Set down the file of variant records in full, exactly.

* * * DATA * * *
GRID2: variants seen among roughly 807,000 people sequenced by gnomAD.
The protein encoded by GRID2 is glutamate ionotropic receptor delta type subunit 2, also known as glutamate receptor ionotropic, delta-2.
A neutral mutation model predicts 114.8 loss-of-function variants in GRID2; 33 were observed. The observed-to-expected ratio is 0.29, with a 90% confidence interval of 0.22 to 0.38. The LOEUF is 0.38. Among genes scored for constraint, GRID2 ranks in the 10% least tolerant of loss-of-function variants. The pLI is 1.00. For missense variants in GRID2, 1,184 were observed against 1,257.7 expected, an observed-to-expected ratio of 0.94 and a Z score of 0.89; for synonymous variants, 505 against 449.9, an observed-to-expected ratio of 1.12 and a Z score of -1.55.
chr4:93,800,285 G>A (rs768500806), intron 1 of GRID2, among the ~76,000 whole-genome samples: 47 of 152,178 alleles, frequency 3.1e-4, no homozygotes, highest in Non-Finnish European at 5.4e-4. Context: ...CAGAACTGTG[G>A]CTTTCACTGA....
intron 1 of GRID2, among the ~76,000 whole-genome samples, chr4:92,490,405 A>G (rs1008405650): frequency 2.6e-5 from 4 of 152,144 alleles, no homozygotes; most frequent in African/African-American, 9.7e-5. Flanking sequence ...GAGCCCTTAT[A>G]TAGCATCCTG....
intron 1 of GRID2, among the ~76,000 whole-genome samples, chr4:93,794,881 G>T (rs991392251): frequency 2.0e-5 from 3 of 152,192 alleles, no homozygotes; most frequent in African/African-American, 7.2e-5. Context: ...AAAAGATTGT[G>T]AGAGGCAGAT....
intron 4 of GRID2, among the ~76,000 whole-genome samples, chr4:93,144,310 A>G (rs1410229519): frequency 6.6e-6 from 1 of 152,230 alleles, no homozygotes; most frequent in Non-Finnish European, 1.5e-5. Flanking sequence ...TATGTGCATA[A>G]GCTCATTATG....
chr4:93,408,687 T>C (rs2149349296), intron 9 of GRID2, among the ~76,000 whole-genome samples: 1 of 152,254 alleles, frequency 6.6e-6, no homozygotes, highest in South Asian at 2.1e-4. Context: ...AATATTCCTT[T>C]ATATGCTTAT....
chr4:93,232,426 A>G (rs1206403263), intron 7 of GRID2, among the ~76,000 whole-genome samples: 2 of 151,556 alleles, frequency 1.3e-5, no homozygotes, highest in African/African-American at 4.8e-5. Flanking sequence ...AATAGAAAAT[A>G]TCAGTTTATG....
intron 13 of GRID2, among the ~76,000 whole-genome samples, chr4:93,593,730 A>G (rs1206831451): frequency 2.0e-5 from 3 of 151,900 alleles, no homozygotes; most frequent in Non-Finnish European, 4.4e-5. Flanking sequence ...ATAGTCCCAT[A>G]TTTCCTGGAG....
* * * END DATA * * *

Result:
GRID2: variants seen among roughly 807,000 people sequenced by gnomAD.
The protein encoded by GRID2 is glutamate ionotropic receptor delta type subunit 2, also known as glutamate receptor ionotropic, delta-2.
A neutral mutation model predicts 114.8 loss-of-function variants in GRID2; 33 were observed. The observed-to-expected ratio is 0.29, with a 90% confidence interval of 0.22 to 0.38. The LOEUF is 0.38. Among genes scored for constraint, GRID2 ranks in the 10% least tolerant of loss-of-function variants. The pLI is 1.00. For missense variants in GRID2, 1,184 were observed against 1,257.7 expected, an observed-to-expected ratio of 0.94 and a Z score of 0.89; for synonymous variants, 505 against 449.9, an observed-to-expected ratio of 1.12 and a Z score of -1.55.
chr4:93,800,285 G>A (rs768500806), intron 1 of GRID2, among the ~76,000 whole-genome samples: 47 of 152,178 alleles, frequency 3.1e-4, no homozygotes, highest in Non-Finnish European at 5.4e-4. Context: ...CAGAACTGTG[G>A]CTTTCACTGA....
intron 1 of GRID2, among the ~76,000 whole-genome samples, chr4:92,490,405 A>G (rs1008405650): frequency 2.6e-5 from 4 of 152,144 alleles, no homozygotes; most frequent in African/African-American, 9.7e-5. Flanking sequence ...GAGCCCTTAT[A>G]TAGCATCCTG....
intron 1 of GRID2, among the ~76,000 whole-genome samples, chr4:93,794,881 G>T (rs991392251): frequency 2.0e-5 from 3 of 152,192 alleles, no homozygotes; most frequent in African/African-American, 7.2e-5. Context: ...AAAAGATTGT[G>T]AGAGGCAGAT....
intron 4 of GRID2, among the ~76,000 whole-genome samples, chr4:93,144,310 A>G (rs1410229519): frequency 6.6e-6 from 1 of 152,230 alleles, no homozygotes; most frequent in Non-Finnish European, 1.5e-5. Flanking sequence ...TATGTGCATA[A>G]GCTCATTATG....
chr4:93,408,687 T>C (rs2149349296), intron 9 of GRID2, among the ~76,000 whole-genome samples: 1 of 152,254 alleles, frequency 6.6e-6, no homozygotes, highest in South Asian at 2.1e-4. Context: ...AATATTCCTT[T>C]ATATGCTTAT....
chr4:93,232,426 A>G (rs1206403263), intron 7 of GRID2, among the ~76,000 whole-genome samples: 2 of 151,556 alleles, frequency 1.3e-5, no homozygotes, highest in African/African-American at 4.8e-5. Flanking sequence ...AATAGAAAAT[A>G]TCAGTTTATG....
intron 13 of GRID2, among the ~76,000 whole-genome samples, chr4:93,593,730 A>G (rs1206831451): frequency 2.0e-5 from 3 of 151,900 alleles, no homozygotes; most frequent in Non-Finnish European, 4.4e-5. Flanking sequence ...ATAGTCCCAT[A>G]TTTCCTGGAG....